Communication is key to prevention
A day after a massacre left at least 15 people dead in Littleton, CO, behavior experts once again resorted to The List—the litany of red flags that can signal teen violence.
“Unless we turn schools into airports and prisons with monitors, we can’t help but leave ourselves open to risk,” says Melbourne psychologist, Dr. Vicki Panaccione. “But the risk to kids with drastic measures (imposed) could be worse than (the threat of) an isolated incident.”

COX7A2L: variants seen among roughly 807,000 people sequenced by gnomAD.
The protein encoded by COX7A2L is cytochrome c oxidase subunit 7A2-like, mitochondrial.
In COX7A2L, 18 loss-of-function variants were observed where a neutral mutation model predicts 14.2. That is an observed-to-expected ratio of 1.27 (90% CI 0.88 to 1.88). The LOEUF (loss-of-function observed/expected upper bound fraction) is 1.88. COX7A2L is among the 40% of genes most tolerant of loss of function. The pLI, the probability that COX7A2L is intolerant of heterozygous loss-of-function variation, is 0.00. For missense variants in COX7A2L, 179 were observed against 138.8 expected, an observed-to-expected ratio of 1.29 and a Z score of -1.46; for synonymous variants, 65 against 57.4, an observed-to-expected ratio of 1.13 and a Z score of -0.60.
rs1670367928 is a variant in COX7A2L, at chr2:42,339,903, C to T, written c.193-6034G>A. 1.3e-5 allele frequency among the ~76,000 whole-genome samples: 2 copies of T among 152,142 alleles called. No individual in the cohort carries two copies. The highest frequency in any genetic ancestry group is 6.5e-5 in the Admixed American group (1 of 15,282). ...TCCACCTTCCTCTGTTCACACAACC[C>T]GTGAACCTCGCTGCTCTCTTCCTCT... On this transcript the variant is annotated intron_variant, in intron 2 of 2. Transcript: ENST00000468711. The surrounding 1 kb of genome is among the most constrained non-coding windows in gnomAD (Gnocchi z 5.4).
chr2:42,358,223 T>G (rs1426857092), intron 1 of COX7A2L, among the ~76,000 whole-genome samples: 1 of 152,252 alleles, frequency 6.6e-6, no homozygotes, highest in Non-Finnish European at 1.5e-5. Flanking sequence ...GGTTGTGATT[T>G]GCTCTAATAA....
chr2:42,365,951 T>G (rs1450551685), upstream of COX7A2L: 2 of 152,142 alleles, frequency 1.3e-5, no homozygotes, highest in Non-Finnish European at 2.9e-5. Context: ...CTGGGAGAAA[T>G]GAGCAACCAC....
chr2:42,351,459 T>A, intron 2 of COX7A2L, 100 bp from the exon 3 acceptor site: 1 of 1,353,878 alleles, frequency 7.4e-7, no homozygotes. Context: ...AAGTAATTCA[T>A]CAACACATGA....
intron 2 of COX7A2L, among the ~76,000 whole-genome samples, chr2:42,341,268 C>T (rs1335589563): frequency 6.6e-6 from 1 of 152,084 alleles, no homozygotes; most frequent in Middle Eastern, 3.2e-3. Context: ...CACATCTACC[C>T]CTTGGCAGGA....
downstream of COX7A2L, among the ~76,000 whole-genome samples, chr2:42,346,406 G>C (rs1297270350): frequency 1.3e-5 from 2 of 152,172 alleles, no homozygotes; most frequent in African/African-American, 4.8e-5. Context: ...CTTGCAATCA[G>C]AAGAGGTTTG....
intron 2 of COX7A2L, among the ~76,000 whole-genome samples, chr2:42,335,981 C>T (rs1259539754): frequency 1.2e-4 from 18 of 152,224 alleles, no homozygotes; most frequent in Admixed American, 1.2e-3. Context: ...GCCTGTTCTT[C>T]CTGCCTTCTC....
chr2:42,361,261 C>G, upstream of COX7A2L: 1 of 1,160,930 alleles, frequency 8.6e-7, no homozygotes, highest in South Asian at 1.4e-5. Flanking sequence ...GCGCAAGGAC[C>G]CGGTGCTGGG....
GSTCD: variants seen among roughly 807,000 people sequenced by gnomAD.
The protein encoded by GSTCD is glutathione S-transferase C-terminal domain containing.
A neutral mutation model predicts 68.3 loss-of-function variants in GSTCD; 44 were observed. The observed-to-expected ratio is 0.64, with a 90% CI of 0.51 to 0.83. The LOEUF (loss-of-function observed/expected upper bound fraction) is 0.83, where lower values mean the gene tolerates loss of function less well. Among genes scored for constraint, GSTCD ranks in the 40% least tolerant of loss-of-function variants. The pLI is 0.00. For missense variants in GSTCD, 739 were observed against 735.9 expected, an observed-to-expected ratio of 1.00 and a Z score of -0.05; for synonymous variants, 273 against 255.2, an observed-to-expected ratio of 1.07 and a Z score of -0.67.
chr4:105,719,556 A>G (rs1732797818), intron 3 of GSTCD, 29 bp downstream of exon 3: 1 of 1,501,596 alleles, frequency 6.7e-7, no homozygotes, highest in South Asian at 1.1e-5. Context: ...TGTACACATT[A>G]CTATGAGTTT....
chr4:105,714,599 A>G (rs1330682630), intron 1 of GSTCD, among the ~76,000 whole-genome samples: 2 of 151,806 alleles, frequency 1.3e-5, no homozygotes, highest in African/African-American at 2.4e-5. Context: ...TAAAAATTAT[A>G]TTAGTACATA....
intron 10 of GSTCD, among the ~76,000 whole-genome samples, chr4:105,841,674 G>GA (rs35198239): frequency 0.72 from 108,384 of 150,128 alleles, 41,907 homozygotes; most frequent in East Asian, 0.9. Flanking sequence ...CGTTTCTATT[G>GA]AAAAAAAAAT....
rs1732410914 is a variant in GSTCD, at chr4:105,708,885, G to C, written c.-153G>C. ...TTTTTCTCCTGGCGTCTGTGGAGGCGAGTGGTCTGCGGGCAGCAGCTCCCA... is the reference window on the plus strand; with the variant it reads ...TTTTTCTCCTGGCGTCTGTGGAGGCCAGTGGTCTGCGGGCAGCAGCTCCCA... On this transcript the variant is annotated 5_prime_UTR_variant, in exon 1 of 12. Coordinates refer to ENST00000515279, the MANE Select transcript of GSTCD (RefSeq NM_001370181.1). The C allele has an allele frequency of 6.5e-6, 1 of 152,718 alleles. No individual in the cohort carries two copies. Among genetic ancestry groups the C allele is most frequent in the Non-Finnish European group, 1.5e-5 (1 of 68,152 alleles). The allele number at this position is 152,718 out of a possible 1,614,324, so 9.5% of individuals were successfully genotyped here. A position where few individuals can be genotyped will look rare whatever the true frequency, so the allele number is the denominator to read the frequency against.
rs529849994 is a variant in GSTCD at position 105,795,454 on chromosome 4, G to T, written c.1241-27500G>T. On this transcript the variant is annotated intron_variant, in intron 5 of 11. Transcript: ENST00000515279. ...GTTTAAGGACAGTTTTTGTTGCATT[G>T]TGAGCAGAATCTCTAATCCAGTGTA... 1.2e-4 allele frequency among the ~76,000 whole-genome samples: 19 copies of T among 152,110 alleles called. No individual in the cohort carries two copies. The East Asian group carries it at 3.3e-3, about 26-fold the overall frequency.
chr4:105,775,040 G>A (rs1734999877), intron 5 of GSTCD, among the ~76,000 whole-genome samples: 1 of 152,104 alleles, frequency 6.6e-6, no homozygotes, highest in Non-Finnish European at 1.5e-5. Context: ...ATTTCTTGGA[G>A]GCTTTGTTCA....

As in the aftermath of recent student shootings, experts recited the warning signs for identifying teens with potential explosive problems, including change in attire.
But taking note of cosmetic changes in teens isn’t nearly as important as parents and teachers nurturing open communication, Panaccione said. Trouble usually seeps into the ruptures of broken dialogue.
“There’s a perception that this Littleton incident might heighten feelings of insecurity,” she said. “But I think the fear is already there. A lot of kids I talk to say they don’t feel safe in school, particularly junior high.”
As published in Florida Today, April 22, 1999